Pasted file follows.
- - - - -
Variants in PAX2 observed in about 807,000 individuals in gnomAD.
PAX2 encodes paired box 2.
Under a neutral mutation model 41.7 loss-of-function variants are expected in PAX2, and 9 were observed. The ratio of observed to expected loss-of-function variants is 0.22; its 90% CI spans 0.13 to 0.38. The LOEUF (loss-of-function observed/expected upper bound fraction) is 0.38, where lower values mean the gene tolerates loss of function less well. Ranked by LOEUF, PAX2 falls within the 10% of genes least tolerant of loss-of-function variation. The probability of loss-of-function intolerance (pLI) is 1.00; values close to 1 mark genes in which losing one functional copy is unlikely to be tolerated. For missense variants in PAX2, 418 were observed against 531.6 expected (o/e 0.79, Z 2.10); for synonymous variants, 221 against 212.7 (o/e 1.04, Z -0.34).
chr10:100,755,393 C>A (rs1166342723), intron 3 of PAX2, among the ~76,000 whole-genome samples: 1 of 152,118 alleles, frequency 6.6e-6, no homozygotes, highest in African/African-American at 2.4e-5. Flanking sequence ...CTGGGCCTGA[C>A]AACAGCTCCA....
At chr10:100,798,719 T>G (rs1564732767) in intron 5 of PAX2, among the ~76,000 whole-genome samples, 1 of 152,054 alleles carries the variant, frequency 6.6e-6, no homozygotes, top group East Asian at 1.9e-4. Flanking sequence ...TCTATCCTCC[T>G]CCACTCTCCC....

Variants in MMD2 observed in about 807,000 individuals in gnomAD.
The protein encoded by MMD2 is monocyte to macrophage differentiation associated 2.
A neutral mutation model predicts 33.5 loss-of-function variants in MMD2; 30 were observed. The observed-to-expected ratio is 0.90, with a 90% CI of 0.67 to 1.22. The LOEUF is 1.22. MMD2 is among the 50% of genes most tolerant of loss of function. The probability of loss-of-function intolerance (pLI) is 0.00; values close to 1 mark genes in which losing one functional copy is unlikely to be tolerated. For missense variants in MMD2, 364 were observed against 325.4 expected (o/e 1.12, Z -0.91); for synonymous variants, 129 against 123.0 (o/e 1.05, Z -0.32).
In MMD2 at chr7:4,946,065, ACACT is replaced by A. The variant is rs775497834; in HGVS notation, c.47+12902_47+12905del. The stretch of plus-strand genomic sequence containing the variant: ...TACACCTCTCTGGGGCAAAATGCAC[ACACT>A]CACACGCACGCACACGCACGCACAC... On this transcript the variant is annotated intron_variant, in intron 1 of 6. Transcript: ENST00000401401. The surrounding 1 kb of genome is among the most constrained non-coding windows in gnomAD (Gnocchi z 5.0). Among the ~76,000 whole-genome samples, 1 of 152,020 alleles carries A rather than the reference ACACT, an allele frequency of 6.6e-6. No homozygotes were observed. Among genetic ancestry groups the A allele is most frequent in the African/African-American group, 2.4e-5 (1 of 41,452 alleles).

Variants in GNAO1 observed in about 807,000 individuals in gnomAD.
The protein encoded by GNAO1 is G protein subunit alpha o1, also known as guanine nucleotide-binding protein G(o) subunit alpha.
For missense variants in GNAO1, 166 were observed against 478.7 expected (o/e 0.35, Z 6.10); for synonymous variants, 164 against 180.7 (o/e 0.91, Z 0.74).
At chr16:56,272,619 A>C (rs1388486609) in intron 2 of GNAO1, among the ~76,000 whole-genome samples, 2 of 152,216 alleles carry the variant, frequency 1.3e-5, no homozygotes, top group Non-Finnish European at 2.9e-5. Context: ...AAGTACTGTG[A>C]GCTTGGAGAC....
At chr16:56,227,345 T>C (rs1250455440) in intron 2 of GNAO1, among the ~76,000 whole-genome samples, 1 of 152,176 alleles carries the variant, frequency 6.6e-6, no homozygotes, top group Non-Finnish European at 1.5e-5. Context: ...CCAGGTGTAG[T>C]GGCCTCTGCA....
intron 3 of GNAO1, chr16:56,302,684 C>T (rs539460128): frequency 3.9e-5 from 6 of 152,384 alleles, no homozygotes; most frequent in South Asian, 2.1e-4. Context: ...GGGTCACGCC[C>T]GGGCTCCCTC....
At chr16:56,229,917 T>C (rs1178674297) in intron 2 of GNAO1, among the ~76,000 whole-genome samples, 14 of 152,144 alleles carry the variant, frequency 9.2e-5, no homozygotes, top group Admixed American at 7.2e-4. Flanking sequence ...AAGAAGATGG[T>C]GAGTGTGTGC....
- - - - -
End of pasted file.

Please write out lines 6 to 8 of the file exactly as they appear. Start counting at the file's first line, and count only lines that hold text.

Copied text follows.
Variants in MMD2 observed in about 807,000 individuals in gnomAD.
The protein encoded by MMD2 is monocyte to macrophage differentiation associated 2.
A neutral mutation model predicts 33.5 loss-of-function variants in MMD2; 30 were observed. The observed-to-expected ratio is 0.90, with a 90% CI of 0.67 to 1.22. The LOEUF is 1.22. MMD2 is among the 50% of genes most tolerant of loss of function. The probability of loss-of-function intolerance (pLI) is 0.00; values close to 1 mark genes in which losing one functional copy is unlikely to be tolerated. For missense variants in MMD2, 364 were observed against 325.4 expected (o/e 1.12, Z -0.91); for synonymous variants, 129 against 123.0 (o/e 1.05, Z -0.32).